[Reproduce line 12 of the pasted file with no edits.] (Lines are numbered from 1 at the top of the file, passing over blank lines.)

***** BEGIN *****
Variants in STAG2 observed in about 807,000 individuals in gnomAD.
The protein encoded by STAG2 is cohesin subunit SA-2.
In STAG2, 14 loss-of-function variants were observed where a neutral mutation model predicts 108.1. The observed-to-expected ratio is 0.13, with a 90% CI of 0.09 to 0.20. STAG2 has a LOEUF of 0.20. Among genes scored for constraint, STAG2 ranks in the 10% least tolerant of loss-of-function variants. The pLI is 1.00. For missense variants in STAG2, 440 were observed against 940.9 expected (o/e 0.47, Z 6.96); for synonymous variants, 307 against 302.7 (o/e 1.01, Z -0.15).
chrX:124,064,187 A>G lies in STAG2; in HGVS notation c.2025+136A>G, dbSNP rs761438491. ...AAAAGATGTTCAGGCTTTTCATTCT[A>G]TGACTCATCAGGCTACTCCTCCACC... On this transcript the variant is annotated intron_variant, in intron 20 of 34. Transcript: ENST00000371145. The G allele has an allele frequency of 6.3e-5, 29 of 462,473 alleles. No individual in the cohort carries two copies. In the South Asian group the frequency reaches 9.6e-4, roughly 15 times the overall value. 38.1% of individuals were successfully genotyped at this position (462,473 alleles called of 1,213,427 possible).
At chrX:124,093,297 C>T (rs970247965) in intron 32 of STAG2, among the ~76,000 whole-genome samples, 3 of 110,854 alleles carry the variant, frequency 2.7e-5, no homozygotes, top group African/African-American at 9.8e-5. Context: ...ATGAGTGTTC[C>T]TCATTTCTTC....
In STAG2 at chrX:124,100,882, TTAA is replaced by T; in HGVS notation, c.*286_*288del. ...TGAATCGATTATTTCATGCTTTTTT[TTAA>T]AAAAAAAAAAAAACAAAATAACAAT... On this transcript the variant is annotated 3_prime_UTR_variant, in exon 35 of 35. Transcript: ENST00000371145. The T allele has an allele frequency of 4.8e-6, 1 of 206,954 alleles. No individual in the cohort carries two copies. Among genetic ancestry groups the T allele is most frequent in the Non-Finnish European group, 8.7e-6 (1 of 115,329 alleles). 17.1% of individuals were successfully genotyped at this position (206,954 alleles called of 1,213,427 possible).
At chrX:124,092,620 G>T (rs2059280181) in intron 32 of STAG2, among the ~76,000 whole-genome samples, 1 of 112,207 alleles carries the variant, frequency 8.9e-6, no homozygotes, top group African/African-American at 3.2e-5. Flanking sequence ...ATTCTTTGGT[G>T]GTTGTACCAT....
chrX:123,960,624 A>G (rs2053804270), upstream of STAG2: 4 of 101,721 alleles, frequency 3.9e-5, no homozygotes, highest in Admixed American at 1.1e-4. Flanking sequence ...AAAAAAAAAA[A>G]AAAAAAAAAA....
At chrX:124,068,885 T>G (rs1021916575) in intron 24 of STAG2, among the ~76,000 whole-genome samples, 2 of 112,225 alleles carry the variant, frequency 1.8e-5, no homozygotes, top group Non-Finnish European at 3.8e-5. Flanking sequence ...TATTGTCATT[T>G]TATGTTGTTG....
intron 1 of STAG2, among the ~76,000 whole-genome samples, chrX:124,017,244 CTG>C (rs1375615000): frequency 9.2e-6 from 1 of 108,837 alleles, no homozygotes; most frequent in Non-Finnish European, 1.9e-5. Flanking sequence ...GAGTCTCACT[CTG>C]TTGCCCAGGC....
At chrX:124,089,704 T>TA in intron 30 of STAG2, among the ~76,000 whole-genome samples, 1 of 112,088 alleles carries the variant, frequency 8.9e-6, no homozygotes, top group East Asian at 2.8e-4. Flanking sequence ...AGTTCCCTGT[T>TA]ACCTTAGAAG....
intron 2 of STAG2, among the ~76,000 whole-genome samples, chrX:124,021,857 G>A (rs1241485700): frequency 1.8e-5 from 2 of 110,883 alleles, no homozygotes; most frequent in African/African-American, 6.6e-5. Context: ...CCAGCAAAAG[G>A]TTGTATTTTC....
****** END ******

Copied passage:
intron 2 of STAG2, among the ~76,000 whole-genome samples, chrX:124,021,857 G>A (rs1241485700): frequency 1.8e-5 from 2 of 110,883 alleles, no homozygotes; most frequent in African/African-American, 6.6e-5. Context: ...CCAGCAAAAG[G>A]TTGTATTTTC....